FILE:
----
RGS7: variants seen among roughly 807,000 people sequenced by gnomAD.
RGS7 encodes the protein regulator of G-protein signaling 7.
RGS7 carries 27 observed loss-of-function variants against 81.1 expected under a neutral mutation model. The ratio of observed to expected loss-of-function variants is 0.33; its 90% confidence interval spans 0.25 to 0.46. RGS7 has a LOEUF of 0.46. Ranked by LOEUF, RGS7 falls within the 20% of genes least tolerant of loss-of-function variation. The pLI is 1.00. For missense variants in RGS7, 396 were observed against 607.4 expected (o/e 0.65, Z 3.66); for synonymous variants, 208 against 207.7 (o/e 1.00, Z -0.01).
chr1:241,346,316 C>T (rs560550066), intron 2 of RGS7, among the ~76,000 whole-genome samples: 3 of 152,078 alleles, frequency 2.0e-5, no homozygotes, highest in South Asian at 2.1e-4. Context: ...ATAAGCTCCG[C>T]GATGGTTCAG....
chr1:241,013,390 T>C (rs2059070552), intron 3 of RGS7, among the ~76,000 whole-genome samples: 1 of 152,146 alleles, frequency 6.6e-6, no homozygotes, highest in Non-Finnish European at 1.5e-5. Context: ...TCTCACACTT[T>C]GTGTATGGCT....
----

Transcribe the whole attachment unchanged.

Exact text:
RGS7: variants seen among roughly 807,000 people sequenced by gnomAD.
RGS7 encodes the protein regulator of G-protein signaling 7.
RGS7 carries 27 observed loss-of-function variants against 81.1 expected under a neutral mutation model. The ratio of observed to expected loss-of-function variants is 0.33; its 90% confidence interval spans 0.25 to 0.46. RGS7 has a LOEUF of 0.46. Ranked by LOEUF, RGS7 falls within the 20% of genes least tolerant of loss-of-function variation. The pLI is 1.00. For missense variants in RGS7, 396 were observed against 607.4 expected (o/e 0.65, Z 3.66); for synonymous variants, 208 against 207.7 (o/e 1.00, Z -0.01).
chr1:241,346,316 C>T (rs560550066), intron 2 of RGS7, among the ~76,000 whole-genome samples: 3 of 152,078 alleles, frequency 2.0e-5, no homozygotes, highest in South Asian at 2.1e-4. Context: ...ATAAGCTCCG[C>T]GATGGTTCAG....
chr1:241,013,390 T>C (rs2059070552), intron 3 of RGS7, among the ~76,000 whole-genome samples: 1 of 152,146 alleles, frequency 6.6e-6, no homozygotes, highest in Non-Finnish European at 1.5e-5. Context: ...TCTCACACTT[T>C]GTGTATGGCT....